Ultimately, if the study leads to proposed airfield changes, “if they want federal funding they can’t put a shovel in the ground until they have approval from the FAA,” Molinaro said.
Any major improvements would also have to get OK’d by the Prospect Heights city council and Wheeling village board, said Wheeling Village President Dean Argiris, adding he’s supportive of the study, but not supportive of any runway extension “that would take out parks, schools and homes” in his town.
Charlie Priester was hired by Chicago Executive to oversee the study. Priester’s family owns and operates an aircraft management and charter company at the airport, and the clan used to own the airport itself, until selling to the two northwest suburbs in 1986.
Priester said federal funding would be crucial for any large-scale project.
But he said there’s a lot of “misinformation . . . that we’ve already decided” what’s going to happen.
That’s not true, he said, although one reason expansion is being studied is because of trends in corporate air travel – companies increasingly want their jets to be able to travel longer distances without stopping to refuel. Jets with more fuel are heavier, and heavier planes need longer runways.
Priester said he can put residents’ minds at ease on cargo operations – which are feared by neighbors because such flights could involve bigger planes operating at night.
Priester said: “There are not going to be cargo flights in the airport, period.”
In fact, if airfield changes occur, “the nature and the type and size of the aircraft using this airport is going to be exactly the way it is today,” he said.
But he acknowledged that, if it’s determined runways should be altered, private buildings could be in the path and might need to be razed. Roads also might need to be moved.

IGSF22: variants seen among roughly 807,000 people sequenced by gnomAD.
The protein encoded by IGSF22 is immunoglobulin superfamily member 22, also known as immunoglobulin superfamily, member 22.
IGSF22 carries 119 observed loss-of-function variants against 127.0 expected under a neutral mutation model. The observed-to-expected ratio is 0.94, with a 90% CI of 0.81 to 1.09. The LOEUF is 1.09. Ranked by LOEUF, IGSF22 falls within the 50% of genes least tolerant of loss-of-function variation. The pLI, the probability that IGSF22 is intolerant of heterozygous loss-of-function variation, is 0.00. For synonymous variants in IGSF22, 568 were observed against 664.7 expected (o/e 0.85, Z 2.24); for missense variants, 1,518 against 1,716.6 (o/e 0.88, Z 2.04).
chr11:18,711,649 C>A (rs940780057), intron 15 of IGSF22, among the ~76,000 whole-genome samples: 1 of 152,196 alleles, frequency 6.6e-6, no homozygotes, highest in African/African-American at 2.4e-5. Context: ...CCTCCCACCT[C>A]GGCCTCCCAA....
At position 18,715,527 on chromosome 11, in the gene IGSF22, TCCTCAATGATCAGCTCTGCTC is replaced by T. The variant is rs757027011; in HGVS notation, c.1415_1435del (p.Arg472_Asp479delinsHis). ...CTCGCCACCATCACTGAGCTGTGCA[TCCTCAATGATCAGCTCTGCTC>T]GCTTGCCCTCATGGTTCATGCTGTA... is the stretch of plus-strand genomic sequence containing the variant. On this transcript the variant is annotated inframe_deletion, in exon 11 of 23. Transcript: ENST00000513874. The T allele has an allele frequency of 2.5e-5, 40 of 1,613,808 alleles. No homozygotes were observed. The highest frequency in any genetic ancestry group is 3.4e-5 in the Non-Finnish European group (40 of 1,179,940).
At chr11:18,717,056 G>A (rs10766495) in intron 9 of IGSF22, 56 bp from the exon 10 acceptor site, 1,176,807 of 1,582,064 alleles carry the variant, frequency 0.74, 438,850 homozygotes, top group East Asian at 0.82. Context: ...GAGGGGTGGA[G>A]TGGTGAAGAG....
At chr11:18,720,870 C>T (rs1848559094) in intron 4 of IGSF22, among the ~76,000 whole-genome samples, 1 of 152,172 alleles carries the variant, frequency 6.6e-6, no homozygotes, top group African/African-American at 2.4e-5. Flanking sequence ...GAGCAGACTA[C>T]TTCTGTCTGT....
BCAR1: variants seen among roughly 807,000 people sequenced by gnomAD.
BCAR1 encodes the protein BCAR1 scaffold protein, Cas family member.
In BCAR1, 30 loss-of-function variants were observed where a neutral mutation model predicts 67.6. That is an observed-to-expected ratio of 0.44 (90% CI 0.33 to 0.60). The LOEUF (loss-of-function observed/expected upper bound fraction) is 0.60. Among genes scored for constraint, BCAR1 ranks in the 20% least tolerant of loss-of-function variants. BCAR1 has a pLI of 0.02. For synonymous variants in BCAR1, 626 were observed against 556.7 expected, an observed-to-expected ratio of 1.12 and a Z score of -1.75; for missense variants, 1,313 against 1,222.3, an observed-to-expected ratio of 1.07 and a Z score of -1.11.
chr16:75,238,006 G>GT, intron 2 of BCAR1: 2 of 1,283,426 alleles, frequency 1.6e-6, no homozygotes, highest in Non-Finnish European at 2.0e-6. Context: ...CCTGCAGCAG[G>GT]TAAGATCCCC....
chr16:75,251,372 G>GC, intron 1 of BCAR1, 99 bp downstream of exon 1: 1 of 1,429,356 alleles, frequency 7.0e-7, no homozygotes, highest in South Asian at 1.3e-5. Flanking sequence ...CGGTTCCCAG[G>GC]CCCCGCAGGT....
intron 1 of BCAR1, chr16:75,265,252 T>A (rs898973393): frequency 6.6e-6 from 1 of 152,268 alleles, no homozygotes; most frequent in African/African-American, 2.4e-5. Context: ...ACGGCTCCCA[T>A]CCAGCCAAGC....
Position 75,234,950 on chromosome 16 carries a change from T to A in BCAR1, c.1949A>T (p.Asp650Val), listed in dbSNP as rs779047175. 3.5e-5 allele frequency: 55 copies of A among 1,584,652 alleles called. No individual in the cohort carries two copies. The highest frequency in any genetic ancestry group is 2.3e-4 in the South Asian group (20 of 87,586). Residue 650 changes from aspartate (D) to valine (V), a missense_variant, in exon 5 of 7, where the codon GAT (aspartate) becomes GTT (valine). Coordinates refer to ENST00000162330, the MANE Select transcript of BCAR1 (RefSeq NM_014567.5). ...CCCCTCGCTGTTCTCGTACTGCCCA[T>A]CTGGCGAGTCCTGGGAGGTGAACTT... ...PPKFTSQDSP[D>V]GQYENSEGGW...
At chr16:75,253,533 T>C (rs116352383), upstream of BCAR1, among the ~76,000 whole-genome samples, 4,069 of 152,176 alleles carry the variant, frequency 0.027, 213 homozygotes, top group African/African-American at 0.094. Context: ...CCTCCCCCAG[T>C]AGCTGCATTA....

He said it’s too early to talk cost for any of this, although a former chairman of the board that governs Chicago Executive, Allan Englehardt, said the runway extension plan was floated several years back when he was still on the panel. Today, Englehardt said, the project would likely cost $150 million.
Location of Chicago Executive Airport / www.chiexec.com
He also noted a different study two years ago looked at the possibility of lengthening Chicago Executive’s main runway, and pointed out that some FAA officials objected because of potential airspace conflicts with O’Hare air traffic.
“This place is landlocked, let’s do the best within the confines of what we have,” said Englehardt, a retired United Airlines pilot. “My biggest problem is it doesn’t make sense to do something that’s so expensive to benefit so few.”
But Priester countered that any expansion should not be judged so narrowly. A vibrant, modernized Chicago Executive would hopefully attract more aircraft owners and travelers, keeping the airfield “relevant” and also rippling into the local economy through restaurant visits, hotel stays and the like. And the airport would be better positioned to lure into the north and northwest suburbs more companies looking for accessible corporate travel.
Didier, a former member of Wheeling’s Plan Commission, said dealing with the airport on this runway issue might have been easier if airport officials were better neighbors to nearby residents – as it now stands there’s no regular noise monitoring and few if any restrictions on night-time flights.
Mary Papantos, an expansion opponent who plans to run for the Wheeling village board, said even if decision-making on Chicago Executive is years away, residents are gearing up now.
“We don’t want to end up like O’Hare where it’s too late to do anything,” she said.
This story was written and reported by the Better Government Association’s Robert Herguth, who can be reached at email@example.com or (312) 821-9030.